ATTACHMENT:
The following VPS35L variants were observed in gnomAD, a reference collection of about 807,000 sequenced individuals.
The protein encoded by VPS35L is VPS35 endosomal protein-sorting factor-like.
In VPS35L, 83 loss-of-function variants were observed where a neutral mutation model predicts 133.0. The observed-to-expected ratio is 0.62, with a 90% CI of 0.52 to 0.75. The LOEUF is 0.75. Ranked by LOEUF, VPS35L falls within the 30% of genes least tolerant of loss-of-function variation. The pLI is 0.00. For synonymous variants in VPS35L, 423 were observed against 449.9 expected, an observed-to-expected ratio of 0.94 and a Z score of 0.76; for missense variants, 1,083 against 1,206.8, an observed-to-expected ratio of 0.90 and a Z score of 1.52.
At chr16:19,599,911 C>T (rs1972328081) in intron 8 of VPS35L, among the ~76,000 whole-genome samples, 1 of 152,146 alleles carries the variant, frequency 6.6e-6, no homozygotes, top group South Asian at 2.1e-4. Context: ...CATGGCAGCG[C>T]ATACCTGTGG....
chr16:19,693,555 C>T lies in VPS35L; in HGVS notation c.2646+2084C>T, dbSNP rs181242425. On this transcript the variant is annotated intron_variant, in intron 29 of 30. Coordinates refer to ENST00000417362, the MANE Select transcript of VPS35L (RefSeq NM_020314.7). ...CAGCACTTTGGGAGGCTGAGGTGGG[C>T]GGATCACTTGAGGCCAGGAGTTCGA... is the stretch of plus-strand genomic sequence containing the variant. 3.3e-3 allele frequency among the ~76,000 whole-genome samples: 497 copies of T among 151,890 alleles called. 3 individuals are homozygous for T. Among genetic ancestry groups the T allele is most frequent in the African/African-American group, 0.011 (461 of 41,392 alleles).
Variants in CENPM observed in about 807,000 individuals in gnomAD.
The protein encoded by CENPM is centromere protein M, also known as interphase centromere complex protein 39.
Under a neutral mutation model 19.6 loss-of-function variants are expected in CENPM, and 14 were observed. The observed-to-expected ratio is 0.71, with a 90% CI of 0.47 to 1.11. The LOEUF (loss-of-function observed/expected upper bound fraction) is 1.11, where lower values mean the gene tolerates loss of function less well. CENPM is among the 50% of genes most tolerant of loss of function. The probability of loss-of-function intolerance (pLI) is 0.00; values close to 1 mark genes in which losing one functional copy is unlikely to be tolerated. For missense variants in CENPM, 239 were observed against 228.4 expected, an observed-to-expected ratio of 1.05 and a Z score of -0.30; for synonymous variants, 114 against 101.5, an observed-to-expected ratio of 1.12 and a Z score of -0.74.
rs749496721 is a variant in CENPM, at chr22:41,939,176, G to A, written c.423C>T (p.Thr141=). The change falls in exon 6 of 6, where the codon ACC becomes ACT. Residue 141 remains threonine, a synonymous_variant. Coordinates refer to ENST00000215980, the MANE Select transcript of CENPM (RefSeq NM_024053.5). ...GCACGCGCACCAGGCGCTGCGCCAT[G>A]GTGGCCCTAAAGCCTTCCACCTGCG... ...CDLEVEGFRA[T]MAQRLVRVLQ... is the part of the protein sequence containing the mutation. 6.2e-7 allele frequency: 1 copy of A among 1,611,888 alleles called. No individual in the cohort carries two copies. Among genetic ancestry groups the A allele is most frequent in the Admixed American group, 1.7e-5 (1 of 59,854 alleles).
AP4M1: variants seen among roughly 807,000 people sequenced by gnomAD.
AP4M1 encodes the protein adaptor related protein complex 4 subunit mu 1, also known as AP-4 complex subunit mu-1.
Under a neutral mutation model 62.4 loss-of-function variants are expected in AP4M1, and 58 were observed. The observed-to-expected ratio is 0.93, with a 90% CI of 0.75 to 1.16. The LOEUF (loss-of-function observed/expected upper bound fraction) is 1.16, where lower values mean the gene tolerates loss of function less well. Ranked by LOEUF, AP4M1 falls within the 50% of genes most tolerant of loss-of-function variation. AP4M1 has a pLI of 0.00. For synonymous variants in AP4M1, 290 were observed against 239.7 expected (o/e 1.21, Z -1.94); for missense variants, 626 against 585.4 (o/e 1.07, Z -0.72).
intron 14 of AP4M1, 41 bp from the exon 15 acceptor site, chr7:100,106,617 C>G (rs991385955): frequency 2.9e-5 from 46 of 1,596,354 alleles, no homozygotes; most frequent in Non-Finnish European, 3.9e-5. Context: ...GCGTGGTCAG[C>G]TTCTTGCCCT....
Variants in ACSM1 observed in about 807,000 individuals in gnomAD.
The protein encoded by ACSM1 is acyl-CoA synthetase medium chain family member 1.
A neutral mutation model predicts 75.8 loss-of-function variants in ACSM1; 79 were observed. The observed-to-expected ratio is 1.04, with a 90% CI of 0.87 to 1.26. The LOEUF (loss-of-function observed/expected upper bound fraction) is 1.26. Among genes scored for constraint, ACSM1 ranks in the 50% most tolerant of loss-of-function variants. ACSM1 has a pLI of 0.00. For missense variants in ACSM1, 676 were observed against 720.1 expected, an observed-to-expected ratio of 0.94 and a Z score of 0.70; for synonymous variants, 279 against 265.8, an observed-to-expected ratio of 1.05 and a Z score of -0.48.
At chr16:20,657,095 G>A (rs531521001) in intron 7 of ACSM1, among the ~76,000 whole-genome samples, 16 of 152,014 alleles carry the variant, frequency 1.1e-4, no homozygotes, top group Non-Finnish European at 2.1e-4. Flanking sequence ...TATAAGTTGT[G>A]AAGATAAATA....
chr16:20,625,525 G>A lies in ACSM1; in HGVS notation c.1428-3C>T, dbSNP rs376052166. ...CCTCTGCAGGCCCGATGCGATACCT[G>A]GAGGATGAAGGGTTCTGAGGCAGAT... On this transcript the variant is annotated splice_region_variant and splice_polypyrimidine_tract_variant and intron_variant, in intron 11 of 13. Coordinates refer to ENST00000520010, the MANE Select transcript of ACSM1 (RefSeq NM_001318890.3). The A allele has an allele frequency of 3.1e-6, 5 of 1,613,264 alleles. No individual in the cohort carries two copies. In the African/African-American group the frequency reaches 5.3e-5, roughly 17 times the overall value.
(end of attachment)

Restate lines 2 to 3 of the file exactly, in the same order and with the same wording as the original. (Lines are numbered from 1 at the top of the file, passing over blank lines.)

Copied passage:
The protein encoded by VPS35L is VPS35 endosomal protein-sorting factor-like.
In VPS35L, 83 loss-of-function variants were observed where a neutral mutation model predicts 133.0. The observed-to-expected ratio is 0.62, with a 90% CI of 0.52 to 0.75. The LOEUF is 0.75. Ranked by LOEUF, VPS35L falls within the 30% of genes least tolerant of loss-of-function variation. The pLI is 0.00. For synonymous variants in VPS35L, 423 were observed against 449.9 expected, an observed-to-expected ratio of 0.94 and a Z score of 0.76; for missense variants, 1,083 against 1,206.8, an observed-to-expected ratio of 0.90 and a Z score of 1.52.